BP Calls For New Controls on Bunker Fuels
Marine fuel standards need to be reassessed to avoid a significant mismatch between the quality described by the fuel specifications that are demanded by the industry, claims BP Marine.
BP Marine is calling for firmer controls on the practice of adding used lubricating oil to marine fuel oil. It is apparent that there are still ongoing concerns and suspicions about the effects of used lubricants at low levels even though these concerns are not yet documented or substantiated. After the Kalamos legal case in the U.S., the question of acceptability of ULO (used lubricating oil) has become even more confused. Some interpreting the judgment as implying that ULO at levels up to 5 percent is a technically acceptable lift which does not interfere with the stipulations of ISO 8217. In response, an increasing number of users are buying fuels against "no ULO" clauses, even though this can be difficult to manage in a global industry. BP Marine is therefore calling for an industry-wide agreement on the practice. "We believe that the only option to improve the clarity of the situation is to insert a specific limit for the ULO fingerprint elements into the specification tables in the ISO-8217. The intention would be to limit the ULO inclusion to low-level where there is wide agreement that no problems will be encountered while avoiding needles concerns when very low-levels of some fingerprint elements are detected," said Dr. John Liddy, BP Marine's technical manager.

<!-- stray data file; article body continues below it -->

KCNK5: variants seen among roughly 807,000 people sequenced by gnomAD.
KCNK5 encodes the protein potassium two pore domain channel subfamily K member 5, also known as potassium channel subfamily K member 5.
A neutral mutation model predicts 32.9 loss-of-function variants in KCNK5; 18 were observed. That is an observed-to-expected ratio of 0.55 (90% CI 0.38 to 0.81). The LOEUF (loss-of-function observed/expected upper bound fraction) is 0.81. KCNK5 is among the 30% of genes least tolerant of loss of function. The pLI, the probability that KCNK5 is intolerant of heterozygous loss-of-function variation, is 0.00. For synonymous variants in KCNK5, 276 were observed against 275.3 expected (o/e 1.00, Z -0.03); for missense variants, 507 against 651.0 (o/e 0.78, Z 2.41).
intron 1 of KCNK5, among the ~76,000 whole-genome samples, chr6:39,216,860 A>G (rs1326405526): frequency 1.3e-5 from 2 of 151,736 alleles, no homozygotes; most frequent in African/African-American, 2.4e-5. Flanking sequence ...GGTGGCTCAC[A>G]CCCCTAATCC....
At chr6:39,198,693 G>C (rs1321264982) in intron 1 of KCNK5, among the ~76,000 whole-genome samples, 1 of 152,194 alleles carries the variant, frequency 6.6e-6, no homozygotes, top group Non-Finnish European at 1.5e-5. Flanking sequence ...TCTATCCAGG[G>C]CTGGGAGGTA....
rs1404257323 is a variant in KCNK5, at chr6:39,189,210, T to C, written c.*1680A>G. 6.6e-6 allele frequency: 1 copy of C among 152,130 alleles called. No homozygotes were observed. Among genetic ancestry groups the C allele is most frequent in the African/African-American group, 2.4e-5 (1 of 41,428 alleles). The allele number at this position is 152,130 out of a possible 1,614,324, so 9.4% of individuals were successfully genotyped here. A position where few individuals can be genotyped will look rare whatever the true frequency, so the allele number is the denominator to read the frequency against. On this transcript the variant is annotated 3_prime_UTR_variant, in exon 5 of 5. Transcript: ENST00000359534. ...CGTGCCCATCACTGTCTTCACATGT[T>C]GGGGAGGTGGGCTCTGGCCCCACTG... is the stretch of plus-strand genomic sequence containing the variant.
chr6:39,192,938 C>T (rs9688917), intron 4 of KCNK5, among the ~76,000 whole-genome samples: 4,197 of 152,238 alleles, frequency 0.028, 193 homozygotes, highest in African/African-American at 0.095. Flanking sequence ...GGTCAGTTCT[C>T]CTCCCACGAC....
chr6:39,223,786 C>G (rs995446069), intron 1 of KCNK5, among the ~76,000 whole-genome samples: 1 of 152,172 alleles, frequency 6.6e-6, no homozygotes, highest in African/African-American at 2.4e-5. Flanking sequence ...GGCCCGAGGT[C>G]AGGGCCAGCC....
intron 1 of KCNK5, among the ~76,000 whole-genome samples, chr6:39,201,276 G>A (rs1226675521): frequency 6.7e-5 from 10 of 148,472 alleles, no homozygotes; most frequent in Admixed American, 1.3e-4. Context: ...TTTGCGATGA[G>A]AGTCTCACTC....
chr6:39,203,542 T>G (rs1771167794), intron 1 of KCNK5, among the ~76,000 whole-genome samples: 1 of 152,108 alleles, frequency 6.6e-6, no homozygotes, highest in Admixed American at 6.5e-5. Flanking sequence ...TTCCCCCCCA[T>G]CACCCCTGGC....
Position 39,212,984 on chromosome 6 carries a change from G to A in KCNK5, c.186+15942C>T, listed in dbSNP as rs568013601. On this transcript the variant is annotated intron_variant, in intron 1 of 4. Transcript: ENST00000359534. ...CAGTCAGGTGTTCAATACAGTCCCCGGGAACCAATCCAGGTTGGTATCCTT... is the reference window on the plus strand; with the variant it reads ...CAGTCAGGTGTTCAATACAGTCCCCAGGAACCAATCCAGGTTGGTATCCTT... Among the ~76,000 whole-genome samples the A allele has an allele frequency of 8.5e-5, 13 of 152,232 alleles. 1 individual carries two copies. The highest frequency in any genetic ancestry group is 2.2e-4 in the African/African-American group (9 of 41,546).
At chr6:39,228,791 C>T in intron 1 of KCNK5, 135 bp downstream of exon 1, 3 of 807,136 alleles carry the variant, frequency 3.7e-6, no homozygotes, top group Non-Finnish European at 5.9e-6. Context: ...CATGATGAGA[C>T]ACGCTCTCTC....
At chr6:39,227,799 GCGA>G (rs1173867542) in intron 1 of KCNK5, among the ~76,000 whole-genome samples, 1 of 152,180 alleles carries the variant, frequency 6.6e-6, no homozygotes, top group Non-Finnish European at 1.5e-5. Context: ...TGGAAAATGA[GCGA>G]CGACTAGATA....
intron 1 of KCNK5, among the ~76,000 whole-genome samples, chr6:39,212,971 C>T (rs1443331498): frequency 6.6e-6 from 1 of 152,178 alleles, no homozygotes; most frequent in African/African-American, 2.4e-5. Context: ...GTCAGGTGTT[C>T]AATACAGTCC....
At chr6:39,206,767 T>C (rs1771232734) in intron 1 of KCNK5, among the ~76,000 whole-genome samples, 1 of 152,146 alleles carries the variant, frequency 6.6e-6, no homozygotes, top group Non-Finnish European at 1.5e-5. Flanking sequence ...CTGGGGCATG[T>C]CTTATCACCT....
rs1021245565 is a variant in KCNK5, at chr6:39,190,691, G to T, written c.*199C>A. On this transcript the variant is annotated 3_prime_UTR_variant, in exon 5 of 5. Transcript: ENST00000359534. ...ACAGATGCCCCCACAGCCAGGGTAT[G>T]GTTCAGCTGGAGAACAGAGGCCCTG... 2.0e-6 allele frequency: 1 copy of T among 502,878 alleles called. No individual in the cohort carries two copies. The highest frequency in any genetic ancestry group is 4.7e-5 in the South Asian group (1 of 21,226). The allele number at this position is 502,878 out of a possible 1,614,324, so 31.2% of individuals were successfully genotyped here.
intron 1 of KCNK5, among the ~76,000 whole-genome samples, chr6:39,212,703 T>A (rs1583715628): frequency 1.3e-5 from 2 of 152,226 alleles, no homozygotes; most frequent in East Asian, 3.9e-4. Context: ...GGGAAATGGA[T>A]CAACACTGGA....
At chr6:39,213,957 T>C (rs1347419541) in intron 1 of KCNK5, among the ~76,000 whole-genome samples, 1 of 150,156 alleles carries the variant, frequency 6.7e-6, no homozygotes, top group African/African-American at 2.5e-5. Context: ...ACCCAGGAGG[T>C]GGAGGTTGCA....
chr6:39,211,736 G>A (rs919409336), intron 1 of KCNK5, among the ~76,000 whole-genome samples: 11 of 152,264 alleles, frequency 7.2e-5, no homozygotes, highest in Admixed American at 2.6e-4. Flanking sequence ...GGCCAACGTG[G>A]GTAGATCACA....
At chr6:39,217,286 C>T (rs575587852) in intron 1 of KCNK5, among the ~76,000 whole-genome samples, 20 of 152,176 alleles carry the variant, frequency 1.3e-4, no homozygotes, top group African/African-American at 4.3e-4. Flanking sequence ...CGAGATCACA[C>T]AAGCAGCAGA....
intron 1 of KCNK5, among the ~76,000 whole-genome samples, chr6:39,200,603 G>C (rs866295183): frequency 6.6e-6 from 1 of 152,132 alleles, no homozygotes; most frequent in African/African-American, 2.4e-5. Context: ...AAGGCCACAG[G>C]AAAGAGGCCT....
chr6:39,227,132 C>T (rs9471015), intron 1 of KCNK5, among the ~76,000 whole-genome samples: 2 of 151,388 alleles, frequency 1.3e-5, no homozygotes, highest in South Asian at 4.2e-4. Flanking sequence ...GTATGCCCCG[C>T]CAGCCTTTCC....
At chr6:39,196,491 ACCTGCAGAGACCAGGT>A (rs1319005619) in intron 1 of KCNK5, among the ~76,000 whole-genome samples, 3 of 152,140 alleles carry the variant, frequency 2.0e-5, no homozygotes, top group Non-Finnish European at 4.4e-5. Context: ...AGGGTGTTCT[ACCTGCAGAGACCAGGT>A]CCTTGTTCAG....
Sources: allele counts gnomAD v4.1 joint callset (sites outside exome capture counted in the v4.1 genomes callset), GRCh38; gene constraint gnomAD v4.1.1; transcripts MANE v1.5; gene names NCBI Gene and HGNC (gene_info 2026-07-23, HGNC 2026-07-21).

One practical problem with restricting ULO within the present ISO and CIMAC guidelines arises from ULO's varying compositions and potential confusion with trace elements in crude oil. It has become very difficult for fuel buyers to manage this issue effectively and there is a real risk that fuel suppliers and users will inadvertently be driven towards making unrealistic standards and expectations. "Even when marine engine design is more tolerant of "poorer" quality fuel, there are nevertheless, limitations that must be recognized and respected," says Dr. Liddy. "Our challenge to our own industry is to protect fuel buyers against the introduction of unwanted contaminants or unacceptable quality standards and we firmly believe that the industry needs to move forward collectively on this issue."